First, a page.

reported utterances in the class room Incorrectly re
ported. It turned out of a professor who was described
aa endeavoring to destroy whatever of faith in Chris
tianity there was In the members of one of his classes.
This particular complainant did not ask for the dis
missal of the professor In question, but his letter left
no doubt that such action would be entirely accept
able to him.
All this would be amusing were It not sad. It
Illustrates once more how much the public at large
has still to learn as to the significance and purpose
of universities. Tbe notion which Is sedulously culti
vated In some quarters that there are powerful In
terests, financial, economic and social which wish to
curb the proper' freedom of speech of university pro
fessors In America, probably has little or no Justifica
tion anywhere. That there are large elements In the
population which do dealre to curb the proper freedom
of speech of university professors Is, however, Indis
putable. Evidence for thla la to be found not only in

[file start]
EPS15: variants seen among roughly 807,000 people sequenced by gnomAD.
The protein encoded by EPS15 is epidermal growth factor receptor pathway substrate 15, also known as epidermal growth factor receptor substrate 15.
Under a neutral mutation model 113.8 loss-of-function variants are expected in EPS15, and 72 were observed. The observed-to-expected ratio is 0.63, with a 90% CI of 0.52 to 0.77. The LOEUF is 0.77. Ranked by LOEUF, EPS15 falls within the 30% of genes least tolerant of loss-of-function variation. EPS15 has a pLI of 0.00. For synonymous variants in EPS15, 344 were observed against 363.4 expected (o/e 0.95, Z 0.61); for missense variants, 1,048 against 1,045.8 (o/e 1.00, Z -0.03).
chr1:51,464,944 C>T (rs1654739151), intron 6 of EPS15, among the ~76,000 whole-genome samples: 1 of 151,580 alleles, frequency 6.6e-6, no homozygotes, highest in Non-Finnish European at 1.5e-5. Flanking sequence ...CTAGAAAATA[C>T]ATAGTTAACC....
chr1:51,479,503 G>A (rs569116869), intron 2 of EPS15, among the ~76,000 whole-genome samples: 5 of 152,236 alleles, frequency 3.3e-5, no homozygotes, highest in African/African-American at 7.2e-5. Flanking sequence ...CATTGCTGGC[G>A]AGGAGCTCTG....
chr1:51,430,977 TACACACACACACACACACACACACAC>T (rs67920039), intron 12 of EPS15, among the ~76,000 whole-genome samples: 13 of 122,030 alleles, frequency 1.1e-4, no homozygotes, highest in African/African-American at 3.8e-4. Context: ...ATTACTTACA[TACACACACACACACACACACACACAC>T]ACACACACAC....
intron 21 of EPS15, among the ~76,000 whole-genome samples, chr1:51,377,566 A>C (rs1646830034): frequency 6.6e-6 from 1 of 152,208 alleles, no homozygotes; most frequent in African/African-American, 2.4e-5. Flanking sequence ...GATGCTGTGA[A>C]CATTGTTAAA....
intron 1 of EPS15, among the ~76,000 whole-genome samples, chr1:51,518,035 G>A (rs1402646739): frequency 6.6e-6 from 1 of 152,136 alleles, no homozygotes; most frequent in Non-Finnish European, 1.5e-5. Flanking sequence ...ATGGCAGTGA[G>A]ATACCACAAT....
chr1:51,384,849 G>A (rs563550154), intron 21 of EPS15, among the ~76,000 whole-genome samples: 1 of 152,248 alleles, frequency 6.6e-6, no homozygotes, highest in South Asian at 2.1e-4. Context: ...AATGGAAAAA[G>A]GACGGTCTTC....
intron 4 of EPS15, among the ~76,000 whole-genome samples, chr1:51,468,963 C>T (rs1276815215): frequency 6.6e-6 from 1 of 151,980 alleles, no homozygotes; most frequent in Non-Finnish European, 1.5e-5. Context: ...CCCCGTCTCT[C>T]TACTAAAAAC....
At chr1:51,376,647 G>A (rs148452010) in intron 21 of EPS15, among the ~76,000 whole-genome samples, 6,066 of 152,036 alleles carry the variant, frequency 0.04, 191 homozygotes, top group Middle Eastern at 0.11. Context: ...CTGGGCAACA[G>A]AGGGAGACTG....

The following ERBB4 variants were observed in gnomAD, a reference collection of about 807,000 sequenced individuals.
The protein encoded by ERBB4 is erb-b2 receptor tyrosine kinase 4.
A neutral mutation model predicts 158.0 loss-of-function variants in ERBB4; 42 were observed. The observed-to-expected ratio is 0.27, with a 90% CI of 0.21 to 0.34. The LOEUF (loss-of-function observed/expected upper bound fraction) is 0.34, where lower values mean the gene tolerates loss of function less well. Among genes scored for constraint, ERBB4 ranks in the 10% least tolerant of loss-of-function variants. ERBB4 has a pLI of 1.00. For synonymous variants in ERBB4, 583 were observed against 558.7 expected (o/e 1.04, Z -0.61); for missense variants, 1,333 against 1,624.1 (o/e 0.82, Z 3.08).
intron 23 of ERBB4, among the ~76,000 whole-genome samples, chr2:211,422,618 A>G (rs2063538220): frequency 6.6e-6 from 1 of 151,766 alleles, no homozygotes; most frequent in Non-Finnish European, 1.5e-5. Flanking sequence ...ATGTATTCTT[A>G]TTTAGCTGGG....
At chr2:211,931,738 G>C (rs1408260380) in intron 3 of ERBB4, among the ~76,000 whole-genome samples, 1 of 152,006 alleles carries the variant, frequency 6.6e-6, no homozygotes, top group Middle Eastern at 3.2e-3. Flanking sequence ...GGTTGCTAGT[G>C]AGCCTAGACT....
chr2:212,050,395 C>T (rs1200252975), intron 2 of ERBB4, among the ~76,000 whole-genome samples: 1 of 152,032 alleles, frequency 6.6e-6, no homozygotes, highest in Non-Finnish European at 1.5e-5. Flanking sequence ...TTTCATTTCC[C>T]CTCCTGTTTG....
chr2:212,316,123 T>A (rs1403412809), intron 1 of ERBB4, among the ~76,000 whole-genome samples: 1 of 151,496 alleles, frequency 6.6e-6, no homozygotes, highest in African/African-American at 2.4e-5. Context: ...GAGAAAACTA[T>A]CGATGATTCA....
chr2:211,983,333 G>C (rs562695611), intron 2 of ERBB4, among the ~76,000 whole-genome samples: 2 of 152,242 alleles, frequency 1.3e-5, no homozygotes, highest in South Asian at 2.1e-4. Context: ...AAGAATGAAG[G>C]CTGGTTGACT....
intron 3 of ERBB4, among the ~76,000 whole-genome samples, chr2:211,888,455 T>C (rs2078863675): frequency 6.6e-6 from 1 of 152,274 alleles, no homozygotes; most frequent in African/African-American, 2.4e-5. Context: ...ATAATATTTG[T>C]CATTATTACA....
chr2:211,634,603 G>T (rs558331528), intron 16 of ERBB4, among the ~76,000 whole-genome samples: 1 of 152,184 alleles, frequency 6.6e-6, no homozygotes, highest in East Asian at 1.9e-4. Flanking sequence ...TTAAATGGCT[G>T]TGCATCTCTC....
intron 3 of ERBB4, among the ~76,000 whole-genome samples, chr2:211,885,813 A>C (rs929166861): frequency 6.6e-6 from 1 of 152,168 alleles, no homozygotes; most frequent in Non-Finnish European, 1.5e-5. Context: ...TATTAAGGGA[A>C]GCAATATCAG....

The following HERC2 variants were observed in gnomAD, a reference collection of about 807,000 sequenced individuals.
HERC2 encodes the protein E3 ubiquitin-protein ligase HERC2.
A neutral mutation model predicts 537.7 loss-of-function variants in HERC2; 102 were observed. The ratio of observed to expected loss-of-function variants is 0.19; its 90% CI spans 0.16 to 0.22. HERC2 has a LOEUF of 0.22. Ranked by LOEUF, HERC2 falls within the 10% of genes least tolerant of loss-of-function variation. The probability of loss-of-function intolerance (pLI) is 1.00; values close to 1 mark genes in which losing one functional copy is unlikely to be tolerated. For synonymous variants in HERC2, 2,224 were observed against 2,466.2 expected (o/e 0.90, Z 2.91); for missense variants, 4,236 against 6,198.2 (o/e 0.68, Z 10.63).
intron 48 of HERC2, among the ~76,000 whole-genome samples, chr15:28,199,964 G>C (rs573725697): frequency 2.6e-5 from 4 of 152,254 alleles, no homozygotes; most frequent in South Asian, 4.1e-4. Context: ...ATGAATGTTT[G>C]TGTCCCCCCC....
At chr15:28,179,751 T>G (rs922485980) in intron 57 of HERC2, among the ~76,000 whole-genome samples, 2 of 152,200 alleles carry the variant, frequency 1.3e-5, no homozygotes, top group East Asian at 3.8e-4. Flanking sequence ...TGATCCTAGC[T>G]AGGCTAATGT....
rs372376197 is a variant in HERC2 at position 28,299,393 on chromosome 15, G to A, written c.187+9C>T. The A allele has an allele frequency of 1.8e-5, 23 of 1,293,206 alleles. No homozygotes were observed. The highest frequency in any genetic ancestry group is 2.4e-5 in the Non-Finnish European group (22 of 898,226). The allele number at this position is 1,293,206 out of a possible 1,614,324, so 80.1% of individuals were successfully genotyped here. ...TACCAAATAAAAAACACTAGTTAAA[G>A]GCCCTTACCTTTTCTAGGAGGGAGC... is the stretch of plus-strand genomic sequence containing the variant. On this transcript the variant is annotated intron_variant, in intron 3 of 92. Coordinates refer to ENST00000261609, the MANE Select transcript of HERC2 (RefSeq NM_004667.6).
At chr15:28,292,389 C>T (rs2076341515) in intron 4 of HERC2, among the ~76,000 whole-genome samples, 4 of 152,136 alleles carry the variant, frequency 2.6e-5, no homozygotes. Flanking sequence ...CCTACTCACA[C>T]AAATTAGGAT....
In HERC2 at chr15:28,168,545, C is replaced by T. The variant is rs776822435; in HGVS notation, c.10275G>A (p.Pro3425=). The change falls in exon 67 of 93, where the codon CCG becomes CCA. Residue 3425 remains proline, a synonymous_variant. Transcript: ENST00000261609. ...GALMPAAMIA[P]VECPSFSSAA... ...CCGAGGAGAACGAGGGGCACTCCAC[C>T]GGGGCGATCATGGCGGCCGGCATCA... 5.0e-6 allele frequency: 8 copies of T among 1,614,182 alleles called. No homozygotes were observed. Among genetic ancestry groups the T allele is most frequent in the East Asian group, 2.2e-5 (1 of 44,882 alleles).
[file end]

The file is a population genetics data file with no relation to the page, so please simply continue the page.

such correspondence as has Just been referred to, but
In letters addressed to the publlo press, and even in
editorial utterances on the part of supposedly repu
table newapapers. The fact is that people generally
have a great deal to learn as to the significance and
functions of a university. The last thing that many
persons want la freedom either of speech or of any
thing else unless Its exercise happens to accord with
their somewhat violent and passionate predilections.
It must be said, on the other hand, that professors of
established reputation, sound Judgment and good sense
rarely If ever find themselves under Sertoli eHttciam
from any source. Such, men and women may hold
what opinions they Bless, alnne tha mr in v.t.
of expressing them with discretion, moderation, good
uuw sou ewq sense, n is me violation of one or
another of these canons which produces the occasional
disturbance that is so widely advertised as aa asser
tion of or attack upon academlo freedom. Genuine